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Tekmar 360 and 4 way mixing issues
Pete, it most likely your mixing valve is oversized.
Tekmar 360 and 4 way mixing issues
I have radiant heating powered by Viesman Vitocell 50 controllled by Tekmar 363 and the system has 4-way mixing valve Heatlink SM4. The problem is that the reset control does not seem to be able to keep more-less constant temperature in the system and the temperature fluctuations seem to be huge. For example, the control calculates the mix target 33 degrees (all measurements in Celsius) and the mix supply oscillates between as low as 22 and as high as 42 degrees. I am not a specialist in this area but this does not seems to be efficient way to run the system. When watching the actions Tekmar takes, it appears to be reacting too late to the mix supply temperature changes - it keeps opening the mixing valve too long when the mix supply is raising and it keeps closing it too long when the mix supply is dropping, thus the overshoots on both sides. I thought maybe the mixing valve speed was entered in error but it is correctly set at 120s. I had this problem since the system was installed but the installer does not want to deal with this. I tried to get the software updates from Tekmar directly but they don't seem to be very customer-oriented company. Can you let me know why do you think I have this issue and what steps should I take to improve the situation.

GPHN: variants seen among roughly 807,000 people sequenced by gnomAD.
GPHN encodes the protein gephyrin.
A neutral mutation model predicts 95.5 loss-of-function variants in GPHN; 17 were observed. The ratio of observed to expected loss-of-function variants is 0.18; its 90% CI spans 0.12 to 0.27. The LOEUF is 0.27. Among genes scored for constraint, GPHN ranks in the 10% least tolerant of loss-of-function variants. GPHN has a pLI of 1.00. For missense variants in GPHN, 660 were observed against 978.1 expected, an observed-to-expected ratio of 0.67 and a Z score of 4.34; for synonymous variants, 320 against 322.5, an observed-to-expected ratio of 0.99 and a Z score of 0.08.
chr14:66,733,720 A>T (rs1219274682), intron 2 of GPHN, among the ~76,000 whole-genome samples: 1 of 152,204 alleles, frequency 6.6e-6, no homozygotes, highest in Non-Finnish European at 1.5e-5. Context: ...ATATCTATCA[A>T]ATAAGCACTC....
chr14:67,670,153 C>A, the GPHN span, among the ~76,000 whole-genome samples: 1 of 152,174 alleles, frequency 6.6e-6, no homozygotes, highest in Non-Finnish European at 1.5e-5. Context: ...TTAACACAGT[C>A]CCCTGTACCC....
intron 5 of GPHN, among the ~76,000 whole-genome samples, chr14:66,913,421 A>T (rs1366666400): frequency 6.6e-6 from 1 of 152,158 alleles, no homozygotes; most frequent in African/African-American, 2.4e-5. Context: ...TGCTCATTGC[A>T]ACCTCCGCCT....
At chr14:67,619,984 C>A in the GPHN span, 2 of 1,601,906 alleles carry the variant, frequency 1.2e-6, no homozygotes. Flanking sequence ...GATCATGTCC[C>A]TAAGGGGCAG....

Slow Down the Mixing Valve Speed